Renewable Energy: Progress in Solar PVs published 2015 (blogged here b"better late than nevers?)
NB. slim on strategic materials, and hence on cost.
"Swiss researchers have developed an affordable and scalable way to make atom thin films of tungsten diselenide for converting solar energy into hydrogen. The method, which exploits the interface of two layers of liquid to act as a ‘rolling pin’ to form the films, could bring the goal of cheap solar cells for hydrogen production a step closer."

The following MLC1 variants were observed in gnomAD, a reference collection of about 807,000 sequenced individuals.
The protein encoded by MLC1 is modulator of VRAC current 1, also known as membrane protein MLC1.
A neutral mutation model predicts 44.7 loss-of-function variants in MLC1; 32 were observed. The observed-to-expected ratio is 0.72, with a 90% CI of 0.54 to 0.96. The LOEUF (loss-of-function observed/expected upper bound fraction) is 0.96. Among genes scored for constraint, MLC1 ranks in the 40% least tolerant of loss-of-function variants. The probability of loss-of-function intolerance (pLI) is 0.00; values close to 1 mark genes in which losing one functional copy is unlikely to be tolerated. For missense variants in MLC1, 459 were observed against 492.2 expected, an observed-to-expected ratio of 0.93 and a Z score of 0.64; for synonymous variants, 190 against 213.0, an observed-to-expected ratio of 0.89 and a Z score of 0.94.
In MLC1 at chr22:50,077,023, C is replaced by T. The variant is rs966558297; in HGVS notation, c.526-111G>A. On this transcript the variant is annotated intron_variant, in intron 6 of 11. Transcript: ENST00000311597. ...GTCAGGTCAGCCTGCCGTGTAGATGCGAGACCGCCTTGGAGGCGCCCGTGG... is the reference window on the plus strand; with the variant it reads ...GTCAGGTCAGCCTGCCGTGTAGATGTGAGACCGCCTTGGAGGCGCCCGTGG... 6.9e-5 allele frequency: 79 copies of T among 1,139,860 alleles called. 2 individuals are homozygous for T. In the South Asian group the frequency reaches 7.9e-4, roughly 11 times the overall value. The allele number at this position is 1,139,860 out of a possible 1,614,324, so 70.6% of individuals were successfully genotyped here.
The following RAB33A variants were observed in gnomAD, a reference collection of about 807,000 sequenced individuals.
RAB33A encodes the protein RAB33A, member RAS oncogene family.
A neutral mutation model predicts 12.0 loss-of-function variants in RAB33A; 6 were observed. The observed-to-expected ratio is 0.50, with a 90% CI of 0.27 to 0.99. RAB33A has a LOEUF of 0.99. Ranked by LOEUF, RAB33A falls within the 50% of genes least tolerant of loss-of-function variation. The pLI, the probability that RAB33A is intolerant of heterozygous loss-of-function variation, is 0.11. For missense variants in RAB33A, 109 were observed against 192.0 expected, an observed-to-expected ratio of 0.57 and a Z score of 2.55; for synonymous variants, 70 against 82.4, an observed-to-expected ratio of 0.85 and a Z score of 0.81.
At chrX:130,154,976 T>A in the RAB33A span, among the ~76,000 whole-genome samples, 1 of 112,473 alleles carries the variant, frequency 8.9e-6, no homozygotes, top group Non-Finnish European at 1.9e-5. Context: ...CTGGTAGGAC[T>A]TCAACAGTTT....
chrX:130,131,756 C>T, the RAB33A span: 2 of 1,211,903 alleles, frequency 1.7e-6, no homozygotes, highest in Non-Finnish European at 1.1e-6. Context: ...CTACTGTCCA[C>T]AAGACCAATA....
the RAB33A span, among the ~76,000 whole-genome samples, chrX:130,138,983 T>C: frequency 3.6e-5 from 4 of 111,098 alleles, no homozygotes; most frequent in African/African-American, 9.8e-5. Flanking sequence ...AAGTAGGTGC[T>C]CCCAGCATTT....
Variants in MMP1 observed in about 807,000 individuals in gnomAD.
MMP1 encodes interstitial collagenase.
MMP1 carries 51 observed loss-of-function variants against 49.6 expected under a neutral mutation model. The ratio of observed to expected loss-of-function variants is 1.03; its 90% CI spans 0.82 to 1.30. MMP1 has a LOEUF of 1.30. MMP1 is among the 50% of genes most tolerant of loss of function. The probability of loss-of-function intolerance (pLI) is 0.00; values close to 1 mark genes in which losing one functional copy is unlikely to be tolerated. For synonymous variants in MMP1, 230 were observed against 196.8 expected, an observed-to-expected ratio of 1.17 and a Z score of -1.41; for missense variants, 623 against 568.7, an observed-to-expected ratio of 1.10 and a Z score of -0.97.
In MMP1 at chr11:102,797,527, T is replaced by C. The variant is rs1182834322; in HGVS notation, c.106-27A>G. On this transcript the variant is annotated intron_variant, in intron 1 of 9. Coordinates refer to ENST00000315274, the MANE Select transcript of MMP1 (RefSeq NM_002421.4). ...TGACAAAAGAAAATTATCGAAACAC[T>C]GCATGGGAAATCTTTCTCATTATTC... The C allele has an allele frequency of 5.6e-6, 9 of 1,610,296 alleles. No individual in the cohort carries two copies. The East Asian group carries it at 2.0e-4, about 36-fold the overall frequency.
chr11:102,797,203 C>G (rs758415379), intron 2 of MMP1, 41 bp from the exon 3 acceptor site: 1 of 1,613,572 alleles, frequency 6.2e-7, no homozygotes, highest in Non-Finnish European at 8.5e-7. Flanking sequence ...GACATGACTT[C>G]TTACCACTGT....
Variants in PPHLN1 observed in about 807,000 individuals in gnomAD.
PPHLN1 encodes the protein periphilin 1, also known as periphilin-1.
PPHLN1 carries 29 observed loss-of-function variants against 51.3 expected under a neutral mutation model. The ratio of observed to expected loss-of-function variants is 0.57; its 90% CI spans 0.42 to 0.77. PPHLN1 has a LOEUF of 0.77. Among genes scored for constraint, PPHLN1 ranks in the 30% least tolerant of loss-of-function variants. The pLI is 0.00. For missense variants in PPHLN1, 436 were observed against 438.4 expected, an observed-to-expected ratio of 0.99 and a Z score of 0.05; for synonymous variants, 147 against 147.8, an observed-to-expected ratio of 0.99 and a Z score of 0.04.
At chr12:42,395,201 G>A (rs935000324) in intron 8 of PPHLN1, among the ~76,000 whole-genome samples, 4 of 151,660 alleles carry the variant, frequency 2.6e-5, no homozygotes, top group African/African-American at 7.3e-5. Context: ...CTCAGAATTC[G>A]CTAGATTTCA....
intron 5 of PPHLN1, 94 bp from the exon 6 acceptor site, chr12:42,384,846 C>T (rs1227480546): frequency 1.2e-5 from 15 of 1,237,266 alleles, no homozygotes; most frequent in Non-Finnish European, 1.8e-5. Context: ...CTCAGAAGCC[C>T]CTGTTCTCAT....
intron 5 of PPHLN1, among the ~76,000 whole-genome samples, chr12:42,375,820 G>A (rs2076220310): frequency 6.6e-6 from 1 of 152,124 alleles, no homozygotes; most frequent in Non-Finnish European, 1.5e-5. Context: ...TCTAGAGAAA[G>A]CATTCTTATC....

One of a number of such approaches is reported Chemistry World with interviews and comments from reputable critics in the field.
COMMENTS in Chem World by
John Turner, who investigates hydrogen energy at the US government's National Renewable Energy Laboratory, is unimpressed.
Co-author of the paper, Kevin Sivula underlines the advantage of low cost processing
While agreeing that improvement is needed but argues that it is difficult to imagine a less-expensive technique than solution-based processing.